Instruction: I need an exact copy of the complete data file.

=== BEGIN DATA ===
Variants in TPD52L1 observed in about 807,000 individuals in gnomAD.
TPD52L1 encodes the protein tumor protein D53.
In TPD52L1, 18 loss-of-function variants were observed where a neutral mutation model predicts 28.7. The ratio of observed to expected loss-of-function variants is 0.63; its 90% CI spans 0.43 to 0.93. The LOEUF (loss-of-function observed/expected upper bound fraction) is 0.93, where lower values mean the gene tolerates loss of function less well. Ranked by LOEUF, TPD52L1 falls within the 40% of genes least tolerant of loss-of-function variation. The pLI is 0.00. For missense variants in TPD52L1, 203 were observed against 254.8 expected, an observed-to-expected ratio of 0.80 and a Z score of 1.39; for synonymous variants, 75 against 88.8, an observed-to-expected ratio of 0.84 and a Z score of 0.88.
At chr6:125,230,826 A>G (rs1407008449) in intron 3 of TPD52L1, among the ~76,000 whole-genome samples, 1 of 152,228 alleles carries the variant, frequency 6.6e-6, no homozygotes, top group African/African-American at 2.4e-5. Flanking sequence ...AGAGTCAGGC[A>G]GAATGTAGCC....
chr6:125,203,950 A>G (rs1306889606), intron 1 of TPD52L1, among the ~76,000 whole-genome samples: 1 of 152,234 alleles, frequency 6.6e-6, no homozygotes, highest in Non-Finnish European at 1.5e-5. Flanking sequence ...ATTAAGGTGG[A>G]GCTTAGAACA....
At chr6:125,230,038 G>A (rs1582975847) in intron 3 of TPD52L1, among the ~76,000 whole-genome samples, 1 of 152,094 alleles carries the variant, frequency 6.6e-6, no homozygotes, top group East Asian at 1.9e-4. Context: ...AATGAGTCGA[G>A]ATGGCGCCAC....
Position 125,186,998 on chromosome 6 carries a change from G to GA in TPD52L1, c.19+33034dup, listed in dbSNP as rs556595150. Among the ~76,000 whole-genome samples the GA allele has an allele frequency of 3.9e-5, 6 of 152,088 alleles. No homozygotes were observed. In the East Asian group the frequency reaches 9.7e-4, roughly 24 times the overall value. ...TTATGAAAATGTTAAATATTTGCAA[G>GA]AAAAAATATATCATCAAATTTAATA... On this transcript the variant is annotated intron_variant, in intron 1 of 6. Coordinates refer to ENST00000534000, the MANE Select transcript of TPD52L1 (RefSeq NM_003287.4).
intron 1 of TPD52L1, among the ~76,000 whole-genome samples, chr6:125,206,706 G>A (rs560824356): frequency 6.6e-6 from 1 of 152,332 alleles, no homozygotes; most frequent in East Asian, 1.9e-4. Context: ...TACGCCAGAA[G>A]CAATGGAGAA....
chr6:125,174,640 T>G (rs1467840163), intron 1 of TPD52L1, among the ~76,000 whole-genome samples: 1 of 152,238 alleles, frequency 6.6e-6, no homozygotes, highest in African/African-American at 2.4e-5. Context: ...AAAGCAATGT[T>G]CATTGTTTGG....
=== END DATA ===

Variants in TPD52L1 observed in about 807,000 individuals in gnomAD.
TPD52L1 encodes the protein tumor protein D53.
In TPD52L1, 18 loss-of-function variants were observed where a neutral mutation model predicts 28.7. The ratio of observed to expected loss-of-function variants is 0.63; its 90% CI spans 0.43 to 0.93. The LOEUF (loss-of-function observed/expected upper bound fraction) is 0.93, where lower values mean the gene tolerates loss of function less well. Ranked by LOEUF, TPD52L1 falls within the 40% of genes least tolerant of loss-of-function variation. The pLI is 0.00. For missense variants in TPD52L1, 203 were observed against 254.8 expected, an observed-to-expected ratio of 0.80 and a Z score of 1.39; for synonymous variants, 75 against 88.8, an observed-to-expected ratio of 0.84 and a Z score of 0.88.
At chr6:125,230,826 A>G (rs1407008449) in intron 3 of TPD52L1, among the ~76,000 whole-genome samples, 1 of 152,228 alleles carries the variant, frequency 6.6e-6, no homozygotes, top group African/African-American at 2.4e-5. Flanking sequence ...AGAGTCAGGC[A>G]GAATGTAGCC....
chr6:125,203,950 A>G (rs1306889606), intron 1 of TPD52L1, among the ~76,000 whole-genome samples: 1 of 152,234 alleles, frequency 6.6e-6, no homozygotes, highest in Non-Finnish European at 1.5e-5. Flanking sequence ...ATTAAGGTGG[A>G]GCTTAGAACA....
At chr6:125,230,038 G>A (rs1582975847) in intron 3 of TPD52L1, among the ~76,000 whole-genome samples, 1 of 152,094 alleles carries the variant, frequency 6.6e-6, no homozygotes, top group East Asian at 1.9e-4. Context: ...AATGAGTCGA[G>A]ATGGCGCCAC....
Position 125,186,998 on chromosome 6 carries a change from G to GA in TPD52L1, c.19+33034dup, listed in dbSNP as rs556595150. Among the ~76,000 whole-genome samples the GA allele has an allele frequency of 3.9e-5, 6 of 152,088 alleles. No homozygotes were observed. In the East Asian group the frequency reaches 9.7e-4, roughly 24 times the overall value. ...TTATGAAAATGTTAAATATTTGCAA[G>GA]AAAAAATATATCATCAAATTTAATA... On this transcript the variant is annotated intron_variant, in intron 1 of 6. Coordinates refer to ENST00000534000, the MANE Select transcript of TPD52L1 (RefSeq NM_003287.4).
intron 1 of TPD52L1, among the ~76,000 whole-genome samples, chr6:125,206,706 G>A (rs560824356): frequency 6.6e-6 from 1 of 152,332 alleles, no homozygotes; most frequent in East Asian, 1.9e-4. Context: ...TACGCCAGAA[G>A]CAATGGAGAA....
chr6:125,174,640 T>G (rs1467840163), intron 1 of TPD52L1, among the ~76,000 whole-genome samples: 1 of 152,238 alleles, frequency 6.6e-6, no homozygotes, highest in African/African-American at 2.4e-5. Context: ...AAAGCAATGT[T>G]CATTGTTTGG....